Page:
Maryland researchers awarded DARPA cooperative agreement to develop robotic swarm strategies
A team of four University of Maryland researchers has been awarded a nine-month, $646K cooperative agreement from the Defense Advanced Research Projects Agency (DARPA) for “Robust Semi-Autonomous Swarm Tactics for Situational Awareness in Uncertain Environments.” Assistant Professor Huan Xu (AE/ISR) is the principal investigator. The team also includes Assistant Professor Michael Otte (AE); Dinesh Manocha (CS/ECE/UMIACS), who will soon join the university as the Paul Chrisman Iribe Chair of Computer Science and Electrical and Computer Engineering; and Ming Lin (CS/UMIACS), the Elizabeth Stevinson Iribe Chair of Computer Science.
The grant is among the first “core swarm sprints” awarded in DARPA’s OFFensive Swarm-Enabled Tactics (OFFSET) program. In addition to the University of Maryland, the cohort includes Carnegie Mellon University, Lockheed Martin Advanced Technology Laboratories, SoarTech, Inc., and Charles River Analytics, Inc.
The OFFSET program is funding “swarm” autonomy and human-swarm teaming technology research to improve the capabilities of groups of aerial and ground robots that work together to help humans accomplish tasks such as surveillance in complex and changing urban settings.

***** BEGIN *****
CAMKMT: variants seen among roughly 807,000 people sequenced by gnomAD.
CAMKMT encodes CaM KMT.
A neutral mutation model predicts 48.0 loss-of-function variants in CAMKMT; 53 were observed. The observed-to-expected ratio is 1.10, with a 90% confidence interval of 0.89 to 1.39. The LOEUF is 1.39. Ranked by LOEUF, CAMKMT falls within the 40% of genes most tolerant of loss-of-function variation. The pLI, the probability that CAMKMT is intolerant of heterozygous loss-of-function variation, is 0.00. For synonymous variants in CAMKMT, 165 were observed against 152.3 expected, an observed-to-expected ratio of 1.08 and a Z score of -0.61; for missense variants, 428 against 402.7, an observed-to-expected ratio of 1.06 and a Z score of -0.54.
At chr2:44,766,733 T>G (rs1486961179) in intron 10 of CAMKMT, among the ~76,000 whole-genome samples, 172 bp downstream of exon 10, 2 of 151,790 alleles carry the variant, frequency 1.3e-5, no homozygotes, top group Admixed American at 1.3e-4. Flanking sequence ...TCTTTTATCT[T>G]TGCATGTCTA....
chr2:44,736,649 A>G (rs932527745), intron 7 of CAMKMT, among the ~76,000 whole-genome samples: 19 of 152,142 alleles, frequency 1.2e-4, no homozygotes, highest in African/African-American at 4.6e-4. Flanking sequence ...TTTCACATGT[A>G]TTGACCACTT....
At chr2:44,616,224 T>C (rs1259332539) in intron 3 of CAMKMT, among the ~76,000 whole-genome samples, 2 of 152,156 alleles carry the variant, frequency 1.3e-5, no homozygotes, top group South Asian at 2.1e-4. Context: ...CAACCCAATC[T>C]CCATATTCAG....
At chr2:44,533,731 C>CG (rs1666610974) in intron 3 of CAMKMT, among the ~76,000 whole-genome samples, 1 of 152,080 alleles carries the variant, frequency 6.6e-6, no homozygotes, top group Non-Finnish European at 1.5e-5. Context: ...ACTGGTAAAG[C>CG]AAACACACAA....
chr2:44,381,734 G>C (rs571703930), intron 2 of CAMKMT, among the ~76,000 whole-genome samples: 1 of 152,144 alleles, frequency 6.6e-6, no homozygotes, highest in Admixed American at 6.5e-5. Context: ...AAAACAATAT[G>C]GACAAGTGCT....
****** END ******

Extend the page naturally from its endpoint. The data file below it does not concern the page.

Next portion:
In current drone surveillance situations, robot teams are limited in number, use “one-size-fits-all” surveillance strategies, and assume the environment is static. However, since environments are complex and change frequently, better surveillance strategies are needed.
The Maryland researchers will combine multiple existing autonomous surveillance strategies into a single framework, enabling simultaneous overlapping deployment in different subsets of the environment. They will produce a set of semi-autonomous aerial swarm tactics that can be used simultaneously in different parts of the environment and will account for uncertainties, sensor errors and dynamic obstacles. The goal is to develop and evaluate new swarm simulation algorithms that can automatically adapt to the complexity of urban environments.
Humans that use such a system would be able to fine-tune three different semi-autonomous surveillance strategies, which would lead to improved surveillance capabilities in urban environments.
The researchers will develop their strategies during the first six months of the project. In the final three months these strategies will be tested on robotic platforms.
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